Tip for Senior Job Seekers! | Articles & Tips | WNYJobs.com | Buffalo

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 Tip for Senior Job Seekers!

By Joe Stein

With our current troubled economy, the labor market has seen an influx of Job Seekers who are over 60 years of age. These “senior” Job Seekers have been faced with drastically reduced savings as our Stock Market has tumbled over the last year, forcing an unexpected return to the workforce. For this group, facing a job search can be a very stressful experience, because so much has changed over the years regarding how a person does a job search. 
 
If you are a member of this class of “seniors” re-entering the job market and struggling with how to get your job search started or how to land the position you desire, the following tips are for you:
 
·         Don’t Get Discouraged – Your discouragement will instantly be recognizable to a Recruiter or Hiring Manager. It may be very tempting to be cynical, thinking that any job worth working will go to someone younger. While there are some companies that will have this short-sighted point-of-view, many others will treasure your experience, maturity, and expertise.
 
·         Stay Positive – You may be in a position, looking for a job that you never thought would happen when you retired. It is important, however, to stay away from the “woe is me” attitude. There is no benefit to going into detail regarding why you need to work, nor should you allow much time to be spent on the subject, if asked. Quickly answer the question and redirect to why you are the best person for the job.
 
·         Play to Your Strengths – Beyond just your experience and skills, you have other key attributes. Business maturity is a tremendous trait that should be emphasized. You will prove to be reliable and professional which, to many Hiring Managers, is a trait in short-supply with most job seekers.
 
·         Lose the Ego – The reality is: this is a difficult economic climate and you may not land the level of position you had prior to retirement. For many, you do not even desire that level of commitment. There may be some need to “reprove” yourself. If that is the case, then accept the challenge and impress your new employer. 
 
·         Update Your Skills – Determine what will be needed to land the job you desire. If you are seeking an office position, then make sure your keyboarding and computer skills are up-to-date.   Do not provide the Hiring Manager with any material that will make him or her feel you have not stayed current with the marketplace. If there is a need to learn something new in the position, embrace the ability to know more and work hard to absorb whatever has been taught.
 
·         Check Your Appearance – While it would be a mistake to look and dress like a teenager, you will want to have a current look to your appearance. Make sure you are “up-to-date” in both your dress and appearance to avoid concerns that you are “out of the loop”. You do not want your appearance to feed any concerns that you may be “too old” for the position. First impressions are very important; you will want to present an energetic, modern, active, and eager image.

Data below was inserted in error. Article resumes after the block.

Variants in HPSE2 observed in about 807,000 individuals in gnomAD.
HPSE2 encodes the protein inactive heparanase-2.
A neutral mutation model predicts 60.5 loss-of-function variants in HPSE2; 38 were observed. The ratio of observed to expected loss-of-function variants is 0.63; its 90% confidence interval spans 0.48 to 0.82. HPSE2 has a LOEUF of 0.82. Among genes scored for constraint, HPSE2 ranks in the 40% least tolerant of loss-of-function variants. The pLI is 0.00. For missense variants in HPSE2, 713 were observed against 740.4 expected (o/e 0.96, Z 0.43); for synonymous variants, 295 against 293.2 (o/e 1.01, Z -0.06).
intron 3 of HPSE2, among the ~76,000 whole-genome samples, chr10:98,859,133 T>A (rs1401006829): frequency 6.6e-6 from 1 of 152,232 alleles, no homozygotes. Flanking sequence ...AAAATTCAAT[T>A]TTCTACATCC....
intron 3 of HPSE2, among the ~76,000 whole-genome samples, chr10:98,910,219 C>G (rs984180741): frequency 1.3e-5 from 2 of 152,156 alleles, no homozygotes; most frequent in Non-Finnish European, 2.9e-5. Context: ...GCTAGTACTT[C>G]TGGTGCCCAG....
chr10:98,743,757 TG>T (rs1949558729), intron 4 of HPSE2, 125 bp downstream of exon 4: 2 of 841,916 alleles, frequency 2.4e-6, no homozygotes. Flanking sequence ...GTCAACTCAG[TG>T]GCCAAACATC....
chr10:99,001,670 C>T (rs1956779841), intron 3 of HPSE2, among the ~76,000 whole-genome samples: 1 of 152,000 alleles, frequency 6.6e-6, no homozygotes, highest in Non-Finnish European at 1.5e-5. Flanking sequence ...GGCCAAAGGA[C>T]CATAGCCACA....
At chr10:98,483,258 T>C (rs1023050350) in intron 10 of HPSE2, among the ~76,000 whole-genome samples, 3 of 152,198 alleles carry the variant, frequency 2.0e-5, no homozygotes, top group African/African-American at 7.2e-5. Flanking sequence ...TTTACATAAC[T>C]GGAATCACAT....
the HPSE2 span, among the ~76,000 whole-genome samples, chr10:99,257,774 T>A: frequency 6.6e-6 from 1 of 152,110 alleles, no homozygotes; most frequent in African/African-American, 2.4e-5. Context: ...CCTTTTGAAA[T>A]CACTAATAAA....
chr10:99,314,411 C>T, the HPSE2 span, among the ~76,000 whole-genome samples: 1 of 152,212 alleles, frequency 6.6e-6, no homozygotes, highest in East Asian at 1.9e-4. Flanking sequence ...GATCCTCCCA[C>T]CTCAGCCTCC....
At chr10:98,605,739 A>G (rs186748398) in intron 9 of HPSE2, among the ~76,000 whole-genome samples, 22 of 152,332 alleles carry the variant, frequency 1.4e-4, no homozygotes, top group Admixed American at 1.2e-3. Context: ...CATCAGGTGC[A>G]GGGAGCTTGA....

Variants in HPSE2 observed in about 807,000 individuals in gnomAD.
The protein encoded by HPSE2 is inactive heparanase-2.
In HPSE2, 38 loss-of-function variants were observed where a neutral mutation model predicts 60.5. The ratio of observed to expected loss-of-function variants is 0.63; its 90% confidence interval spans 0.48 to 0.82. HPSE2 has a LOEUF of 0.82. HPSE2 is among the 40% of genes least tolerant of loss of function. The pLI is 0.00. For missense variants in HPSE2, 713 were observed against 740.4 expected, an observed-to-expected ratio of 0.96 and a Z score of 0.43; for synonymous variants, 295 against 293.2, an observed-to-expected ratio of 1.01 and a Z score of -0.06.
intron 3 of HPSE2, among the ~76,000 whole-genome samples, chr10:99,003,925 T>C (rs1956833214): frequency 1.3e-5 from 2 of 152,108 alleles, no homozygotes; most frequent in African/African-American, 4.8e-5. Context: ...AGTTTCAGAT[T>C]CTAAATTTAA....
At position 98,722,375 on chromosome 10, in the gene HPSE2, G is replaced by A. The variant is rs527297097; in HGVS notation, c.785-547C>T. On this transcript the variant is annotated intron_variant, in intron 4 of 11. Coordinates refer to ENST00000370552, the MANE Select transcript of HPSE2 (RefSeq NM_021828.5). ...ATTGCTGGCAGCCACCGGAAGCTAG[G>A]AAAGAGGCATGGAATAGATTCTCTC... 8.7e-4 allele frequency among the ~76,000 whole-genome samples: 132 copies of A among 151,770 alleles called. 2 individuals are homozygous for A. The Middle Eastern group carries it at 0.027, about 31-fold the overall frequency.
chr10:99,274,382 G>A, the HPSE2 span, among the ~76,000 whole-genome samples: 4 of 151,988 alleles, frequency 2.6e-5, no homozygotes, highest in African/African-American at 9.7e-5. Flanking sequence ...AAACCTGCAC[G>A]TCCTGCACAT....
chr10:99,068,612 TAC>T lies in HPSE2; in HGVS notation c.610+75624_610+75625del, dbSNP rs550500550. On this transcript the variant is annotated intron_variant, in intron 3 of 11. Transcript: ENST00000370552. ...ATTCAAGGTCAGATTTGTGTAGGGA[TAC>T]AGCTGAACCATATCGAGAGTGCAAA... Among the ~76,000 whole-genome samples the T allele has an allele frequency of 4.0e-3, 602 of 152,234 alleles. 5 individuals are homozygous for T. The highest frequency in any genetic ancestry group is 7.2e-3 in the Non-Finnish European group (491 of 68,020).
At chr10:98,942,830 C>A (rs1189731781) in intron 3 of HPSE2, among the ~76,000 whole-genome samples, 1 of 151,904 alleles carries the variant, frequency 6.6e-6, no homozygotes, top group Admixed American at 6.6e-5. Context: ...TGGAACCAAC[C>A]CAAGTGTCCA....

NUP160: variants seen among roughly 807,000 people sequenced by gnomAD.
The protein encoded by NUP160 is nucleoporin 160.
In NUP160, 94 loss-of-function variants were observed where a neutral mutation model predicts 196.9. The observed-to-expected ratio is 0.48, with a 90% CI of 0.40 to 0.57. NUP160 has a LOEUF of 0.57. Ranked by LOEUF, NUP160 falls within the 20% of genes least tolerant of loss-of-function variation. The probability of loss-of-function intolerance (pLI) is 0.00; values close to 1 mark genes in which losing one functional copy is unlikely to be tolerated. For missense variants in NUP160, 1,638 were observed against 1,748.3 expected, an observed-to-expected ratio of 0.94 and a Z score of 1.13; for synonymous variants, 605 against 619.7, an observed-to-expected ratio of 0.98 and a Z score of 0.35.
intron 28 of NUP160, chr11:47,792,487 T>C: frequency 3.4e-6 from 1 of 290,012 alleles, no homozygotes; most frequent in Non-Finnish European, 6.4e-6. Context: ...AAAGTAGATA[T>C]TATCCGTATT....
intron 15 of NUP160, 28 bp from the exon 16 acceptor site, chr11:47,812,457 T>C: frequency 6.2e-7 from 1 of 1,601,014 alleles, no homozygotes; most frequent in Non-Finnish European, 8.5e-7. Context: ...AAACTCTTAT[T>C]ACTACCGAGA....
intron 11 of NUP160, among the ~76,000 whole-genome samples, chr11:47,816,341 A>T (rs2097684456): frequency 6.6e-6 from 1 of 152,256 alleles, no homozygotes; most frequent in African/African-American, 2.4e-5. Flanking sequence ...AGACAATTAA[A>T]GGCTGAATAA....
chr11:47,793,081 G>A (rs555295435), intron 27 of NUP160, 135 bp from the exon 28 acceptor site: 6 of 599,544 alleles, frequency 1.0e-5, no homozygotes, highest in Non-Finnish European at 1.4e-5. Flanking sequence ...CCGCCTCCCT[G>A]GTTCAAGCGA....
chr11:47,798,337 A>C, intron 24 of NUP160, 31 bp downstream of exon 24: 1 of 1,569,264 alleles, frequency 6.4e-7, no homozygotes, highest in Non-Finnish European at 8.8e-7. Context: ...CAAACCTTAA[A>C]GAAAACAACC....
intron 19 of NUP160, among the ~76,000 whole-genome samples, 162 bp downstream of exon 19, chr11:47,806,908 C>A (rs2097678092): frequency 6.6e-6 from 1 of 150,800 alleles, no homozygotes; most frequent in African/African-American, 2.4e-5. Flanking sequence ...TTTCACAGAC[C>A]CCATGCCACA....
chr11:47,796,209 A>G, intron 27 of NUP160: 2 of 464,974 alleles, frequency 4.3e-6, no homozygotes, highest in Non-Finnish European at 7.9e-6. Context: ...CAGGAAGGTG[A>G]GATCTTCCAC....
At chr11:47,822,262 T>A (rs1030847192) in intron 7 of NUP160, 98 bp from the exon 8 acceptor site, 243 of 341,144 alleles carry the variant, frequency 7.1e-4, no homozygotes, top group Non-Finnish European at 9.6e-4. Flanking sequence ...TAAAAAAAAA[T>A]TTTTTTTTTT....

·         Consider a Temporary Employment Agency – Temping can be a great way to place your foot in the door with a company you are interested in. A temporary assignment allows you time to “prove yourself” and break down any existing stereotypes regarding your age.
 
·         Use All Methods for Leads – For many “seniors”, a job search consisted of driving to a company and applying. Or, it may have been simply knowing someone who worked there and could “get you in”.   Networking and pounding pavement still has a place in a modern job search, but it is complemented with new avenues - most of them involving the Internet. Use a variety of methods for sourcing leads in your job search. Research those organizations that have a reputation for being “friendly” to senior workers. These employers can allow you to concentrate on your match to the position and not on your age.
 
·         Watch Your Dates – Be careful with the dates on your resume. There is usually no need to go back more than 15 years on a resume. Likewise, dates are generally not need for documenting a college or High School graduation.
 
 
It is easy to become down regarding the unfortunate circumstances that caused a re-entry into the workforce. Coupled with the limited employment options and the stereotypical perception held by some, it may appear to be an impossible mission. The task is difficult, but hardly impossible. Many companies highly value the unique skills that a seasoned senior employee has to offer. The key is to present yourself as truly the best of both worlds…an energetic, passionate person who brings experience, skill and maturity.
 
 
As always, best of luck in your job search.